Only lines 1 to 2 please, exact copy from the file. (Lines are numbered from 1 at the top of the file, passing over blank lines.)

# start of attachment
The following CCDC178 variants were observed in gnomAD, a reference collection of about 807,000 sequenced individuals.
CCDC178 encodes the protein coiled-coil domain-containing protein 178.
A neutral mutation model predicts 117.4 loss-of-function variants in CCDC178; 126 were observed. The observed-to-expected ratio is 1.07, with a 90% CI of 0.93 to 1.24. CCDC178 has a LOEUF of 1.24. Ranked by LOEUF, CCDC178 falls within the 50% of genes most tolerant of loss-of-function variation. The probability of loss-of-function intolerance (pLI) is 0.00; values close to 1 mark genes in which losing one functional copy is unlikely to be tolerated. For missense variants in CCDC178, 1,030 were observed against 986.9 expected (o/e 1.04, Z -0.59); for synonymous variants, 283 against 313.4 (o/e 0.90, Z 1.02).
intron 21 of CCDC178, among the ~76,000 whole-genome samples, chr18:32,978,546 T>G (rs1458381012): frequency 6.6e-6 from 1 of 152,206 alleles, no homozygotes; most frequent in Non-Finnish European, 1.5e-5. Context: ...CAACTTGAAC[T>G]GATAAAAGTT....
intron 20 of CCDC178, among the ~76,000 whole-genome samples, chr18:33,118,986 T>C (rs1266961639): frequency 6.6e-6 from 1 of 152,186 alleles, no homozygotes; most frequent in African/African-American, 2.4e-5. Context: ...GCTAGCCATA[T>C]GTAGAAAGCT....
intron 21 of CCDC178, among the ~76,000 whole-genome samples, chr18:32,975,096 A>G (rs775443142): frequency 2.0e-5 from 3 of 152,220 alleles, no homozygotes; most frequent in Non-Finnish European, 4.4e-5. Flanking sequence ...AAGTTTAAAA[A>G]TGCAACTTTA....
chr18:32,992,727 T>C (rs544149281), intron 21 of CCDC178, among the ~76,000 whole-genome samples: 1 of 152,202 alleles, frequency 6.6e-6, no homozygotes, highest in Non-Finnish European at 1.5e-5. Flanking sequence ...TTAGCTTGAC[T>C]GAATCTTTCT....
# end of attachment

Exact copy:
The following CCDC178 variants were observed in gnomAD, a reference collection of about 807,000 sequenced individuals.
CCDC178 encodes the protein coiled-coil domain-containing protein 178.